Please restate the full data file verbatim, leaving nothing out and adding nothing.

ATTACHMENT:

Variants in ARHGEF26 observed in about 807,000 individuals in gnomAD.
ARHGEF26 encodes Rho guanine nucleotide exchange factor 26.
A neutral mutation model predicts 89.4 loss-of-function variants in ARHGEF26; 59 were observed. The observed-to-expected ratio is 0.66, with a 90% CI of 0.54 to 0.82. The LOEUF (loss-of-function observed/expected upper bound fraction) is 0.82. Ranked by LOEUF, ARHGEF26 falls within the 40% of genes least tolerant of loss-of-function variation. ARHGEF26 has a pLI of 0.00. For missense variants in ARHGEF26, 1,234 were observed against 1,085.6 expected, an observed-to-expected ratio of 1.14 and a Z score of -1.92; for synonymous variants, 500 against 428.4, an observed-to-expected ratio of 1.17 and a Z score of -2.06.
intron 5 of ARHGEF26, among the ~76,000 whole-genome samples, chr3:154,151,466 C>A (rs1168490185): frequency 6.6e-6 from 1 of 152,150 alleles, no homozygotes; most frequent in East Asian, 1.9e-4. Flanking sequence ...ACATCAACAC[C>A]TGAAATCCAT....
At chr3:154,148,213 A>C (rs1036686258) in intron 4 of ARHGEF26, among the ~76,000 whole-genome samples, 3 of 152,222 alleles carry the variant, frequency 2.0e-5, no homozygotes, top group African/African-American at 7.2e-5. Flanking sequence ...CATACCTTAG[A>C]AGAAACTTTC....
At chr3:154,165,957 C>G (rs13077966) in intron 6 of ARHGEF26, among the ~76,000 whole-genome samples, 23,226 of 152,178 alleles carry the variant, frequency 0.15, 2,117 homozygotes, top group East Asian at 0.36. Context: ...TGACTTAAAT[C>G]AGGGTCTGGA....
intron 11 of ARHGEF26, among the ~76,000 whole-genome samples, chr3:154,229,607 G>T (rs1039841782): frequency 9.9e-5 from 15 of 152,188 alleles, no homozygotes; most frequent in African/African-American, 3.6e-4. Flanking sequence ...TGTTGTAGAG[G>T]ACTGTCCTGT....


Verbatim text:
Variants in ARHGEF26 observed in about 807,000 individuals in gnomAD.
ARHGEF26 encodes Rho guanine nucleotide exchange factor 26.
A neutral mutation model predicts 89.4 loss-of-function variants in ARHGEF26; 59 were observed. The observed-to-expected ratio is 0.66, with a 90% CI of 0.54 to 0.82. The LOEUF (loss-of-function observed/expected upper bound fraction) is 0.82. Ranked by LOEUF, ARHGEF26 falls within the 40% of genes least tolerant of loss-of-function variation. ARHGEF26 has a pLI of 0.00. For missense variants in ARHGEF26, 1,234 were observed against 1,085.6 expected, an observed-to-expected ratio of 1.14 and a Z score of -1.92; for synonymous variants, 500 against 428.4, an observed-to-expected ratio of 1.17 and a Z score of -2.06.
intron 5 of ARHGEF26, among the ~76,000 whole-genome samples, chr3:154,151,466 C>A (rs1168490185): frequency 6.6e-6 from 1 of 152,150 alleles, no homozygotes; most frequent in East Asian, 1.9e-4. Flanking sequence ...ACATCAACAC[C>A]TGAAATCCAT....
At chr3:154,148,213 A>C (rs1036686258) in intron 4 of ARHGEF26, among the ~76,000 whole-genome samples, 3 of 152,222 alleles carry the variant, frequency 2.0e-5, no homozygotes, top group African/African-American at 7.2e-5. Flanking sequence ...CATACCTTAG[A>C]AGAAACTTTC....
At chr3:154,165,957 C>G (rs13077966) in intron 6 of ARHGEF26, among the ~76,000 whole-genome samples, 23,226 of 152,178 alleles carry the variant, frequency 0.15, 2,117 homozygotes, top group East Asian at 0.36. Context: ...TGACTTAAAT[C>G]AGGGTCTGGA....
intron 11 of ARHGEF26, among the ~76,000 whole-genome samples, chr3:154,229,607 G>T (rs1039841782): frequency 9.9e-5 from 15 of 152,188 alleles, no homozygotes; most frequent in African/African-American, 3.6e-4. Flanking sequence ...TGTTGTAGAG[G>T]ACTGTCCTGT....